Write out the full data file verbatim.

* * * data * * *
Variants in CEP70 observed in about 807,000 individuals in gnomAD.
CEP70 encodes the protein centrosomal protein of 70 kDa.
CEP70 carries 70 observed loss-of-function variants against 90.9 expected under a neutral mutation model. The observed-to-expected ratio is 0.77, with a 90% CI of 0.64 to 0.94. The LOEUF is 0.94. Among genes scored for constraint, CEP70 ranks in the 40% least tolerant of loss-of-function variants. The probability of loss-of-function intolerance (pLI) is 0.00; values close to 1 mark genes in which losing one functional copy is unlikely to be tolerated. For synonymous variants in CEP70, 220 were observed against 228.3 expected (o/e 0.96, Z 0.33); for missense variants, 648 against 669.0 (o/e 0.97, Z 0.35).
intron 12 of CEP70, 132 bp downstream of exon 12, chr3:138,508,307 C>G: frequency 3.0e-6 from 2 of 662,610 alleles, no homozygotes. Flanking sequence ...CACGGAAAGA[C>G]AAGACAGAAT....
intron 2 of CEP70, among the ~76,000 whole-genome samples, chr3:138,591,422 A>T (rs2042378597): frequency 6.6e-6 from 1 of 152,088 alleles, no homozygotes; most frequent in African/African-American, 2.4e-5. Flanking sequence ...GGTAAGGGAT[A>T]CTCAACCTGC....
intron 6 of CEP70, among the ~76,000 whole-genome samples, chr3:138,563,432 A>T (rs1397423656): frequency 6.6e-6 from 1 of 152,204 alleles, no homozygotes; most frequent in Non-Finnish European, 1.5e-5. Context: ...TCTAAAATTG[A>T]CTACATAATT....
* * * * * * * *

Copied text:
Variants in CEP70 observed in about 807,000 individuals in gnomAD.
CEP70 encodes the protein centrosomal protein of 70 kDa.
CEP70 carries 70 observed loss-of-function variants against 90.9 expected under a neutral mutation model. The observed-to-expected ratio is 0.77, with a 90% CI of 0.64 to 0.94. The LOEUF is 0.94. Among genes scored for constraint, CEP70 ranks in the 40% least tolerant of loss-of-function variants. The probability of loss-of-function intolerance (pLI) is 0.00; values close to 1 mark genes in which losing one functional copy is unlikely to be tolerated. For synonymous variants in CEP70, 220 were observed against 228.3 expected (o/e 0.96, Z 0.33); for missense variants, 648 against 669.0 (o/e 0.97, Z 0.35).
intron 12 of CEP70, 132 bp downstream of exon 12, chr3:138,508,307 C>G: frequency 3.0e-6 from 2 of 662,610 alleles, no homozygotes. Flanking sequence ...CACGGAAAGA[C>G]AAGACAGAAT....
intron 2 of CEP70, among the ~76,000 whole-genome samples, chr3:138,591,422 A>T (rs2042378597): frequency 6.6e-6 from 1 of 152,088 alleles, no homozygotes; most frequent in African/African-American, 2.4e-5. Flanking sequence ...GGTAAGGGAT[A>T]CTCAACCTGC....
intron 6 of CEP70, among the ~76,000 whole-genome samples, chr3:138,563,432 A>T (rs1397423656): frequency 6.6e-6 from 1 of 152,204 alleles, no homozygotes; most frequent in Non-Finnish European, 1.5e-5. Context: ...TCTAAAATTG[A>T]CTACATAATT....